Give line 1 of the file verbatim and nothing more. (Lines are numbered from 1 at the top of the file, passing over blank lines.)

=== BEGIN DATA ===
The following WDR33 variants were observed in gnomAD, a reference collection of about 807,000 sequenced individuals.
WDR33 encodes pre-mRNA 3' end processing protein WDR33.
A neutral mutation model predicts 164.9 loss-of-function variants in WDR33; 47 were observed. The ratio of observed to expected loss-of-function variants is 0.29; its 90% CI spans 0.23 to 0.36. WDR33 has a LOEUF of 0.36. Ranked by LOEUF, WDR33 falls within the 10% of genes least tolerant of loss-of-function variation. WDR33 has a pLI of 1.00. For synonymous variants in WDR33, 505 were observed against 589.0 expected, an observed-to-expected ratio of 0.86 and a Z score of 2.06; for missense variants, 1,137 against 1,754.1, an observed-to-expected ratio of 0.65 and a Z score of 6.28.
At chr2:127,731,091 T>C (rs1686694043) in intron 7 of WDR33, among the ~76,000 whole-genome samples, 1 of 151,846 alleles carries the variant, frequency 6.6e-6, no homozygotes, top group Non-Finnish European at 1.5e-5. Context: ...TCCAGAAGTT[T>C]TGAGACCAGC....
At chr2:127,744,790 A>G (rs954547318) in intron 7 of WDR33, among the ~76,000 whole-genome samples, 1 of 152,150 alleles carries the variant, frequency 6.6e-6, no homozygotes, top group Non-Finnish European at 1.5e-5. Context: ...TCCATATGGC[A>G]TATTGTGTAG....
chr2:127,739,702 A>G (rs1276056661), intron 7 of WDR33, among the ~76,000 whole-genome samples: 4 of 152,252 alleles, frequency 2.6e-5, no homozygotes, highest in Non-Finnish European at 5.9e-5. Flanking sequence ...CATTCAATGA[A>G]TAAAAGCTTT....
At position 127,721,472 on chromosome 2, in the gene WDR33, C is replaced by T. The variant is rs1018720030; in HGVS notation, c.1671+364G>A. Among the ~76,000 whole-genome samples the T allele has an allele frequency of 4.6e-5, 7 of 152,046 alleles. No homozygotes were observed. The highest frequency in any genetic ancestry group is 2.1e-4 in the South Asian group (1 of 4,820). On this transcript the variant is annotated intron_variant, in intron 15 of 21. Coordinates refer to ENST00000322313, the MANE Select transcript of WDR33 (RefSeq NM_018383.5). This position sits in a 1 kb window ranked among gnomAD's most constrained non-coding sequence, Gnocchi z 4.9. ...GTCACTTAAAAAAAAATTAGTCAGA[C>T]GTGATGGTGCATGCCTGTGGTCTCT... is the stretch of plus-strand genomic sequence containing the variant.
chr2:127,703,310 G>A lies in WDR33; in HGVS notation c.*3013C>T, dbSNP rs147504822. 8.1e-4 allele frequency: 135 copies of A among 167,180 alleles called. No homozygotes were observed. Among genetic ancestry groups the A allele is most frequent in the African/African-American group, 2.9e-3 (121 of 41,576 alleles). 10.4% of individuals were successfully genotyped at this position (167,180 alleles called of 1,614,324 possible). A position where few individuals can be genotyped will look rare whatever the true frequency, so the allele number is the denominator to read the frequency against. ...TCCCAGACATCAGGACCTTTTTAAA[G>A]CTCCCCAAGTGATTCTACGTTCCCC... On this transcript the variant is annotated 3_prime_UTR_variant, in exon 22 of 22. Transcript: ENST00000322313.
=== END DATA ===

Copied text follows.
The following WDR33 variants were observed in gnomAD, a reference collection of about 807,000 sequenced individuals.